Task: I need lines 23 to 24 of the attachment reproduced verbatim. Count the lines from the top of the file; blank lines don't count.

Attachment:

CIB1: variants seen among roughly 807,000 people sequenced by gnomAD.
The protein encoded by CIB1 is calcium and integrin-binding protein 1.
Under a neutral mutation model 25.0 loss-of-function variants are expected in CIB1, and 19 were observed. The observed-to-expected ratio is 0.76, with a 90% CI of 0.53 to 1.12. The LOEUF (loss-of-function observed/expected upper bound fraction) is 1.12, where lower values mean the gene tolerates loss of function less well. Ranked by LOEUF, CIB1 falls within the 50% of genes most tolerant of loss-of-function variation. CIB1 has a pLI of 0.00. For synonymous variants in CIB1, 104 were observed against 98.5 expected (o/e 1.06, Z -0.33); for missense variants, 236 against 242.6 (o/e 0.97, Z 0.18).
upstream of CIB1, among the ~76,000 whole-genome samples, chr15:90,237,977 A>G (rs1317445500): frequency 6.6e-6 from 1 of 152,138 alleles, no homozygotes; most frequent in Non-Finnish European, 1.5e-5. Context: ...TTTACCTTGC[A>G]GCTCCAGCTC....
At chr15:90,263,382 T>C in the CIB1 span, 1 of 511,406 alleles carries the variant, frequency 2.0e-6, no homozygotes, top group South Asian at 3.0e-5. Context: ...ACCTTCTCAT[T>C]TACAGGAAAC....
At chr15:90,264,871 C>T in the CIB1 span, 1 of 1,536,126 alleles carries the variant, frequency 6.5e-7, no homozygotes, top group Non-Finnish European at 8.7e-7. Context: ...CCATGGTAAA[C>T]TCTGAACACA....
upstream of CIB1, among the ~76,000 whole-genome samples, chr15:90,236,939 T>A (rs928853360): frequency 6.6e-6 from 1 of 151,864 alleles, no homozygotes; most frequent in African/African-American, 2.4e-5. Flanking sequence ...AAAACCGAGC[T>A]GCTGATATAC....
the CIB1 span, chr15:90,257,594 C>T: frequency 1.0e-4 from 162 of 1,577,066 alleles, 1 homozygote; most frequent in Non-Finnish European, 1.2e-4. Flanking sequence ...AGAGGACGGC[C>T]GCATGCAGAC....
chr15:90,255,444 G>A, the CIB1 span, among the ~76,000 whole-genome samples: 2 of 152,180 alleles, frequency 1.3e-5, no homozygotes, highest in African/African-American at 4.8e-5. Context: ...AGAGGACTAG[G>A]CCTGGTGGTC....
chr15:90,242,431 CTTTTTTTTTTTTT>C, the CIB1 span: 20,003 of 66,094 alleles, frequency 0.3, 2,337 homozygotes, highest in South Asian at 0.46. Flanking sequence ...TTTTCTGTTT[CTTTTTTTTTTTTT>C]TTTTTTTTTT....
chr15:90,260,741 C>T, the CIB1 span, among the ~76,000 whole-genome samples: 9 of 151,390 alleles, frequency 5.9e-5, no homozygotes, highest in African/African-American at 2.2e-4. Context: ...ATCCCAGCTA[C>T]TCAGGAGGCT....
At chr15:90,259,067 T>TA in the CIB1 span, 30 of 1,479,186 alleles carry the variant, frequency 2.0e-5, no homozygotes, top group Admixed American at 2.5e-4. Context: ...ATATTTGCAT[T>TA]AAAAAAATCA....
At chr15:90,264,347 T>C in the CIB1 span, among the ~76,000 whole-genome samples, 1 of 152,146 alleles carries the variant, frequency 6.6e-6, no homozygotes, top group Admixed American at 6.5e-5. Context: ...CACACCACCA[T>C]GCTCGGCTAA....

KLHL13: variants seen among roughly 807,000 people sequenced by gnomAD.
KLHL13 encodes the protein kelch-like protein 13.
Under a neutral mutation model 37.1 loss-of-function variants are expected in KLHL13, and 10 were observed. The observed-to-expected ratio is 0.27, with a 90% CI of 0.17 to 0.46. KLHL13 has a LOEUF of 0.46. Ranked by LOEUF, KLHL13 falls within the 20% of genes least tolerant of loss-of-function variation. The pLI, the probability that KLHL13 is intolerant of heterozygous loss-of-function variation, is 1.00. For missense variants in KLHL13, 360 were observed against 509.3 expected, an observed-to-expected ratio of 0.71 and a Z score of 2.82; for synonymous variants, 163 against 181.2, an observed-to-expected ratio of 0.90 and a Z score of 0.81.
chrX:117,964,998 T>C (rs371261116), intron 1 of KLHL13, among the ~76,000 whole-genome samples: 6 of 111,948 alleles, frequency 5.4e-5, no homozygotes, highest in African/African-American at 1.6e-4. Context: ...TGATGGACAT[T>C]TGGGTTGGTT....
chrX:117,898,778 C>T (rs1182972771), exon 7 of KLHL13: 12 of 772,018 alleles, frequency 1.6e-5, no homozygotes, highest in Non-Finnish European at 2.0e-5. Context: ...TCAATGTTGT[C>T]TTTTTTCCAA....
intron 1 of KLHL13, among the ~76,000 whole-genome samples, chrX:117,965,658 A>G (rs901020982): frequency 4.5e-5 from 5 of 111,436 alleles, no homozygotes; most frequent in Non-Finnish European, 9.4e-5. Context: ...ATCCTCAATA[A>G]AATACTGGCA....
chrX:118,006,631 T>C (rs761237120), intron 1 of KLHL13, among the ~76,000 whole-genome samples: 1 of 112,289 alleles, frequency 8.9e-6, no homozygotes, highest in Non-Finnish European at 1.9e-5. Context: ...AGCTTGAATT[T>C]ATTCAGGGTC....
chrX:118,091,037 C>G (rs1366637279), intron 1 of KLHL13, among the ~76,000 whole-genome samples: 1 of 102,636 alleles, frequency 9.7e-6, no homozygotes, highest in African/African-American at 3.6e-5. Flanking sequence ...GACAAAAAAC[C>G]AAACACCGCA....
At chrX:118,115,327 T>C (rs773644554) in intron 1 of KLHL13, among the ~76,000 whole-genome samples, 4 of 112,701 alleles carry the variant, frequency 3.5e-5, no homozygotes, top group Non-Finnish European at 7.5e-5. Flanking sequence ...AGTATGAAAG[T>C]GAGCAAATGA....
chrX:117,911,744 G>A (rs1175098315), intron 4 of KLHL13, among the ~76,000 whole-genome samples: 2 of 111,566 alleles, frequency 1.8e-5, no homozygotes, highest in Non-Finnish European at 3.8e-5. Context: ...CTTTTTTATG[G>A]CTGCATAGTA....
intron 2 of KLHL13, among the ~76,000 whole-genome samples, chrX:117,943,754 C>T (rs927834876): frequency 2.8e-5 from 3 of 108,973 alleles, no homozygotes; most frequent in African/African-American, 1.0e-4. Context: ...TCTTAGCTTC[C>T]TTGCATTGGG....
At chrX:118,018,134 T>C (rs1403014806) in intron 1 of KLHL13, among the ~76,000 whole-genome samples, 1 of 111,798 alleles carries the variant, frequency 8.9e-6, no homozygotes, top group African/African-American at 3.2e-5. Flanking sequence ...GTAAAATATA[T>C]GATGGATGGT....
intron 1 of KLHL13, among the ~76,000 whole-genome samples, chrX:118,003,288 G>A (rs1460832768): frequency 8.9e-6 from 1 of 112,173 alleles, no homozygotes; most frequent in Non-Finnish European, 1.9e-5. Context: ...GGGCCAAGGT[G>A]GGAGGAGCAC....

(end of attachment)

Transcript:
chrX:117,911,744 G>A (rs1175098315), intron 4 of KLHL13, among the ~76,000 whole-genome samples: 2 of 111,566 alleles, frequency 1.8e-5, no homozygotes, highest in Non-Finnish European at 3.8e-5. Context: ...CTTTTTTATG[G>A]CTGCATAGTA....
intron 2 of KLHL13, among the ~76,000 whole-genome samples, chrX:117,943,754 C>T (rs927834876): frequency 2.8e-5 from 3 of 108,973 alleles, no homozygotes; most frequent in African/African-American, 1.0e-4. Context: ...TCTTAGCTTC[C>T]TTGCATTGGG....